Kevin Bonham and Ben Raue are doing more and better work than me here. I don’t have time to account below for The Entrance, which still looks very close, or Gosford, where the Liberals have firmed. I should start to get on top of things from tomorrow evening. The quick takeout is that late counting has transformed the situation in Ballina and especially Lismore, and while they’re probably still to be favoured in the former, the latter is a three-way bet. The Liberals should get home in East Hills.
The Greens (26.3%) are falling so far back on late counting in Lismore that it’s no longer clear they’ll finish second ahead of Labor (25.3%). Should Labor pull ahead, it will then be a hard-to-call race between the Nationals (41.1%) and Labor, rather than Nationals and the Greens. Antony Green observes that on election night, “the flow of Green and minor party preferences was 8% to National, 62% to Labor and 30% exhausted”. But given the later counting has much fewer Greens votes, it would probably be a bit flattering to Labor to project those totals across them. If you do it anyway, Labor end up 0.6% ahead. With respect to how preferences might flow between the Nationals and the Greens, we’re completely flying blind. For what it’s worth, Antony calculates that using the Greens are 0.7% ahead if Labor preferences happen to behave the same way as Greens ones. Today we had nearly 10,000 pre-polls added, together with 2578 iVotes and 1588 of late-reporting election day votes. The disparities between each vote type continue to astound, with the Nationals scoring 56.9% on postals, 47.1% on pre-polls, 42.4% on iVotes and 39.8% on ordinary booth votes. The Greens scored 29.2% on the day and 27.1% on iVotes, but 21.4% on pre-polls and just 13.7% on postals. The remainder of primary vote counting should be a see-saw between about 3000 absents and 2000 postals, which were respectively run heavily in favour of the Greens and the Nationals.
All the trends noted above for Lismore apply in Ballina too, and here also they’re sufficient to place the Greens’ presumed win in doubt. But as Kevin Bonham notes, the trump for the Greens in comparison with the Lismore count is that they’re likely to score well from the preferences of independent Jeff Johnson, an ex-Greens councillor.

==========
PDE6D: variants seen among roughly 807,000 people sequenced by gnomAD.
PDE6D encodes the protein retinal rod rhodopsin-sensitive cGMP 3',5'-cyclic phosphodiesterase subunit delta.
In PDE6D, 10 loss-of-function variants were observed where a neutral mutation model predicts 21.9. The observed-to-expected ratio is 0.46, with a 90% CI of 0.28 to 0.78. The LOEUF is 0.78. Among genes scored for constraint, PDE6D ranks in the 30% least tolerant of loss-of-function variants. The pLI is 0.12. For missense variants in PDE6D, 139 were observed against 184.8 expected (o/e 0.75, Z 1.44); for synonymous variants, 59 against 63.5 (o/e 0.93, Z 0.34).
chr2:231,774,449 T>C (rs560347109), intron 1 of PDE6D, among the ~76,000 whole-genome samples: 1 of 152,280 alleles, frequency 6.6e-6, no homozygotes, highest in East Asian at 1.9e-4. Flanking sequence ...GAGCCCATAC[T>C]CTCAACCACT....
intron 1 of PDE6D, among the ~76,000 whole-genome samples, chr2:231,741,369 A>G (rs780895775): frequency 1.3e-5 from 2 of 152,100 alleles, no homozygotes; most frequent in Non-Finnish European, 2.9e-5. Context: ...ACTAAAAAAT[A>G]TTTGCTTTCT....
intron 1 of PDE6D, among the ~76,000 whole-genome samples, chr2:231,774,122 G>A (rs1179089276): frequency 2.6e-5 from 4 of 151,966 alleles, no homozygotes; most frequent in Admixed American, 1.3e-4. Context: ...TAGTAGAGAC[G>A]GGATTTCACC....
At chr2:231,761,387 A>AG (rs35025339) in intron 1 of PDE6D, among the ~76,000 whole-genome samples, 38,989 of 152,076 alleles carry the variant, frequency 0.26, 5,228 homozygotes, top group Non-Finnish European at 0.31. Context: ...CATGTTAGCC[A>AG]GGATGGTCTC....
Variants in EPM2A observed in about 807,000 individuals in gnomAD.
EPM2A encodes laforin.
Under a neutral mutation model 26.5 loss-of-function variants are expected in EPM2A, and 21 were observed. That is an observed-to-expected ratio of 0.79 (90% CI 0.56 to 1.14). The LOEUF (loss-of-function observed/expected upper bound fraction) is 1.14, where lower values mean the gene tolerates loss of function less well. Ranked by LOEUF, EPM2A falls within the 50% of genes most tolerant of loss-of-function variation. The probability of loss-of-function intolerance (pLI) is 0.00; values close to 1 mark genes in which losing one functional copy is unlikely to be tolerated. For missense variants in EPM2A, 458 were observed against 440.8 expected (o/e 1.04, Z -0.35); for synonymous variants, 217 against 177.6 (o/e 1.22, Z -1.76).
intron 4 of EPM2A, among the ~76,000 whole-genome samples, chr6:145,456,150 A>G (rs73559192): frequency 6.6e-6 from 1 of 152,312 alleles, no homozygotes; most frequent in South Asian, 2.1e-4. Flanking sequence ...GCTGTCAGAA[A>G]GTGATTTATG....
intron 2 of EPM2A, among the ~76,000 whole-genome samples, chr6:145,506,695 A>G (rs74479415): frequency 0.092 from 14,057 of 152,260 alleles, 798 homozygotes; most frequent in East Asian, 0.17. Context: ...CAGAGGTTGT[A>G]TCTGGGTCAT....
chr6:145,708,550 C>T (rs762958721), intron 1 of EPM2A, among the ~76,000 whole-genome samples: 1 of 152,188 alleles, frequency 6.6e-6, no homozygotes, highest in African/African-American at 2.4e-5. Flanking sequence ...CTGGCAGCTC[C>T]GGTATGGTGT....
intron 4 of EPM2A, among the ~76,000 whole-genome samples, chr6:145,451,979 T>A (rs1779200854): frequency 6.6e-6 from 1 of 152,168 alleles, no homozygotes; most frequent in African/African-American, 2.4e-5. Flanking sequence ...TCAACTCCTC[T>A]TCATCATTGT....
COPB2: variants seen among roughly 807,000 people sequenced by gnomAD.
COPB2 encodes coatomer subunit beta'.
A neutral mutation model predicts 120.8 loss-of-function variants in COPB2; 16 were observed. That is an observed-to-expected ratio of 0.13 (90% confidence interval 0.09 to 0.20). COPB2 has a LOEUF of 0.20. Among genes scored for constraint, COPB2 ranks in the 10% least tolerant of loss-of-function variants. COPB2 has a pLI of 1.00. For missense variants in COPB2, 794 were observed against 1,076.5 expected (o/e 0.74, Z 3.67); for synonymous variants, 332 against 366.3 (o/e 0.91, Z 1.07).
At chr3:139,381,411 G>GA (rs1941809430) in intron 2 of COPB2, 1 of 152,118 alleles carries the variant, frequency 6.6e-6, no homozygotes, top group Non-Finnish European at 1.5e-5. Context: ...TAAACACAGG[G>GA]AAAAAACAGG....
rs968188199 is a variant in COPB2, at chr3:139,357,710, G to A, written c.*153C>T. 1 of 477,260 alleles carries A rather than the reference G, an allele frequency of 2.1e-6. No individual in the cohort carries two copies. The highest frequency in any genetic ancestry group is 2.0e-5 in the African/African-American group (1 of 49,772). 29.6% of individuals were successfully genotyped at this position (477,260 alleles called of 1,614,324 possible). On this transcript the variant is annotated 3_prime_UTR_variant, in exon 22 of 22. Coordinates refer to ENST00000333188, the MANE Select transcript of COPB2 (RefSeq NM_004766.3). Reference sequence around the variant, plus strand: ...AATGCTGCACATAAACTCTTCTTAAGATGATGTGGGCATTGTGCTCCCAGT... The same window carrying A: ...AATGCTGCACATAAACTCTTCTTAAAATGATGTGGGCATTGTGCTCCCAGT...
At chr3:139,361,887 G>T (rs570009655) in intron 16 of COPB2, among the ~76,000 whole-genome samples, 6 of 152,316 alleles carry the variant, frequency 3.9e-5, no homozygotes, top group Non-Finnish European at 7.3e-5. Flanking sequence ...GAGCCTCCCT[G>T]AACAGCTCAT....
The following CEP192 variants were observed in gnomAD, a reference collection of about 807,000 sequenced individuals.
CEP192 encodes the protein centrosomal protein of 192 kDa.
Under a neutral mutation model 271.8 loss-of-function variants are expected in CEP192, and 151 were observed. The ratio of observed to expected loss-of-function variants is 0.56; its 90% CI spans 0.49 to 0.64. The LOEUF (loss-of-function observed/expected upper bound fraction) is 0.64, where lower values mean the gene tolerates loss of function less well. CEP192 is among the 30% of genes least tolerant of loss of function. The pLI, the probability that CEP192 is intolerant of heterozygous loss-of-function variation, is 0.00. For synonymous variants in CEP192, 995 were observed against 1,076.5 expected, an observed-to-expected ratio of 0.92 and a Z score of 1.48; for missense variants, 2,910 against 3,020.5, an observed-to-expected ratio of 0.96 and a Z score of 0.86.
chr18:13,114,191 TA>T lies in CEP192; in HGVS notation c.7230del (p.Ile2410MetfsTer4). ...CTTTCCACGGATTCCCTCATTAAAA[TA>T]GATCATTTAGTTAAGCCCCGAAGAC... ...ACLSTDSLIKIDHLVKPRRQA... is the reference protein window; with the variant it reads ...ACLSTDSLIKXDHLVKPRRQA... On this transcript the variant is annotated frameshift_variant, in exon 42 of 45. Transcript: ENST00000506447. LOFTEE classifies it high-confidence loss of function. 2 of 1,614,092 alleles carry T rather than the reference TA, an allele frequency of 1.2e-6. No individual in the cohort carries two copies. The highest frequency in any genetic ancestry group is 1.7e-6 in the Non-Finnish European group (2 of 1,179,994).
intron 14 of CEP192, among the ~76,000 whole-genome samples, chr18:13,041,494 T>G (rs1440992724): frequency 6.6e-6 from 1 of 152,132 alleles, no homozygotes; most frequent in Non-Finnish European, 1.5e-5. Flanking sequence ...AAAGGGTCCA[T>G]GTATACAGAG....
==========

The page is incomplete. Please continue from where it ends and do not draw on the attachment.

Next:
There are no 2PP updates on non-booth votes, so I’m going to have to extrapolate booth vote preferences on to primary votes for late counting. The Liberals had a 352 vote lead on booth votes, and 2466 postals have added another 454 to that. Labor clawed back 135 on 5400 pre-polls, but they’re 537 in arrears all told, and the record of absents in 2011 provides no indication Labor can expect them to ride to the rescue.
This thread will progressively be updated over the coming week or two to follow the progress of late counting in close seats for the New South Wales election. It seems the Coalition has won a clear 52 seats, with the Liberals on 36 and the Nationals on 16, with Labor on 32, the Greens on three and independents on two (Greg Piper in Lake Macquarie and Alex Greenwich in Sydney). That leaves a fairly short roll call of four seats in doubt the Central Coast seats of Gosford and The Entrance, where Labor respectively leads by 0.5% and 0.6%; East Hills in southern Sydney, where the Liberals are 0.6% in front after a very strong result in a seat where their existing margin was just 0.1%; and Lismore, where the flow of preferences from a 25.3% Labor vote will decide if the Greens can overhaul a primary vote deficit against the Nationals of 29.2% to 40.1%.